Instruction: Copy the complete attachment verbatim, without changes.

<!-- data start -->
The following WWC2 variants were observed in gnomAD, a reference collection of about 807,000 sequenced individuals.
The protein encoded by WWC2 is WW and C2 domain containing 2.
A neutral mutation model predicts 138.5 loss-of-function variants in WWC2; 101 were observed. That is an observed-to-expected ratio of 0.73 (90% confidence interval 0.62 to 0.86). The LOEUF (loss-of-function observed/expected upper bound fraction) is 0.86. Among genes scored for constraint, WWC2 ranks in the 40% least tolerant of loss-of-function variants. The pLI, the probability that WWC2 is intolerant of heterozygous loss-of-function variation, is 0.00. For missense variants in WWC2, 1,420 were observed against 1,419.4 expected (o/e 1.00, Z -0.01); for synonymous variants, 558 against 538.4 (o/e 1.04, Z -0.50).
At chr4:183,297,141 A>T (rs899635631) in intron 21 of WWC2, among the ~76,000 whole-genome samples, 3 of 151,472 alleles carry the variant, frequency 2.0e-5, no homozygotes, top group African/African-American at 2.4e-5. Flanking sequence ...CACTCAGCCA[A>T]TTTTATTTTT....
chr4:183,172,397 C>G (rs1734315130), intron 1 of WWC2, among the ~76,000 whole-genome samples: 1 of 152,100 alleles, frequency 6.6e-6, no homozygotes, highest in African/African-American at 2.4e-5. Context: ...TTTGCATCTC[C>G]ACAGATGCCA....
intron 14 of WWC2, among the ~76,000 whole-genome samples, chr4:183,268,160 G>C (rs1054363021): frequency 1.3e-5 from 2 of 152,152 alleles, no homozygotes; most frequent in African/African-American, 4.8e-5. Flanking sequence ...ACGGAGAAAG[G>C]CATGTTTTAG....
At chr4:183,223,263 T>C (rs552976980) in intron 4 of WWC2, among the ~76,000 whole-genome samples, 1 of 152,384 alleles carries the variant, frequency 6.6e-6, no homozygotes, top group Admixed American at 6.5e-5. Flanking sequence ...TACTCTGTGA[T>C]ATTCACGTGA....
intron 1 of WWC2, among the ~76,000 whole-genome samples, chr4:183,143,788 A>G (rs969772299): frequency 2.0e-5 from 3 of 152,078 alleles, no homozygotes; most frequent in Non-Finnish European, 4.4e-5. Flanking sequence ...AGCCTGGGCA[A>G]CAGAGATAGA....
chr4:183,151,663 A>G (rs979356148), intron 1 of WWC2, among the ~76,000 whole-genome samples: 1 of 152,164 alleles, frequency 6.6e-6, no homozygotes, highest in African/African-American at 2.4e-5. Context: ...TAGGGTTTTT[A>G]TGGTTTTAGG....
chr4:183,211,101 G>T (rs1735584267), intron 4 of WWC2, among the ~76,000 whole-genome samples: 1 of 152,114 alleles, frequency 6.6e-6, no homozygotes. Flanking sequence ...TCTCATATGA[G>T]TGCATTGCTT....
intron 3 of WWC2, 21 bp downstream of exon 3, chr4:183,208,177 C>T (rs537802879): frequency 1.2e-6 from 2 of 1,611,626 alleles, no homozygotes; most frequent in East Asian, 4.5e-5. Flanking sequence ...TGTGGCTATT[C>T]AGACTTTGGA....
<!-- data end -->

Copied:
The following WWC2 variants were observed in gnomAD, a reference collection of about 807,000 sequenced individuals.
The protein encoded by WWC2 is WW and C2 domain containing 2.
A neutral mutation model predicts 138.5 loss-of-function variants in WWC2; 101 were observed. That is an observed-to-expected ratio of 0.73 (90% confidence interval 0.62 to 0.86). The LOEUF (loss-of-function observed/expected upper bound fraction) is 0.86. Among genes scored for constraint, WWC2 ranks in the 40% least tolerant of loss-of-function variants. The pLI, the probability that WWC2 is intolerant of heterozygous loss-of-function variation, is 0.00. For missense variants in WWC2, 1,420 were observed against 1,419.4 expected (o/e 1.00, Z -0.01); for synonymous variants, 558 against 538.4 (o/e 1.04, Z -0.50).
At chr4:183,297,141 A>T (rs899635631) in intron 21 of WWC2, among the ~76,000 whole-genome samples, 3 of 151,472 alleles carry the variant, frequency 2.0e-5, no homozygotes, top group African/African-American at 2.4e-5. Flanking sequence ...CACTCAGCCA[A>T]TTTTATTTTT....
chr4:183,172,397 C>G (rs1734315130), intron 1 of WWC2, among the ~76,000 whole-genome samples: 1 of 152,100 alleles, frequency 6.6e-6, no homozygotes, highest in African/African-American at 2.4e-5. Context: ...TTTGCATCTC[C>G]ACAGATGCCA....
intron 14 of WWC2, among the ~76,000 whole-genome samples, chr4:183,268,160 G>C (rs1054363021): frequency 1.3e-5 from 2 of 152,152 alleles, no homozygotes; most frequent in African/African-American, 4.8e-5. Flanking sequence ...ACGGAGAAAG[G>C]CATGTTTTAG....
At chr4:183,223,263 T>C (rs552976980) in intron 4 of WWC2, among the ~76,000 whole-genome samples, 1 of 152,384 alleles carries the variant, frequency 6.6e-6, no homozygotes, top group Admixed American at 6.5e-5. Flanking sequence ...TACTCTGTGA[T>C]ATTCACGTGA....
intron 1 of WWC2, among the ~76,000 whole-genome samples, chr4:183,143,788 A>G (rs969772299): frequency 2.0e-5 from 3 of 152,078 alleles, no homozygotes; most frequent in Non-Finnish European, 4.4e-5. Flanking sequence ...AGCCTGGGCA[A>G]CAGAGATAGA....
chr4:183,151,663 A>G (rs979356148), intron 1 of WWC2, among the ~76,000 whole-genome samples: 1 of 152,164 alleles, frequency 6.6e-6, no homozygotes, highest in African/African-American at 2.4e-5. Context: ...TAGGGTTTTT[A>G]TGGTTTTAGG....
chr4:183,211,101 G>T (rs1735584267), intron 4 of WWC2, among the ~76,000 whole-genome samples: 1 of 152,114 alleles, frequency 6.6e-6, no homozygotes. Flanking sequence ...TCTCATATGA[G>T]TGCATTGCTT....
intron 3 of WWC2, 21 bp downstream of exon 3, chr4:183,208,177 C>T (rs537802879): frequency 1.2e-6 from 2 of 1,611,626 alleles, no homozygotes; most frequent in East Asian, 4.5e-5. Flanking sequence ...TGTGGCTATT[C>T]AGACTTTGGA....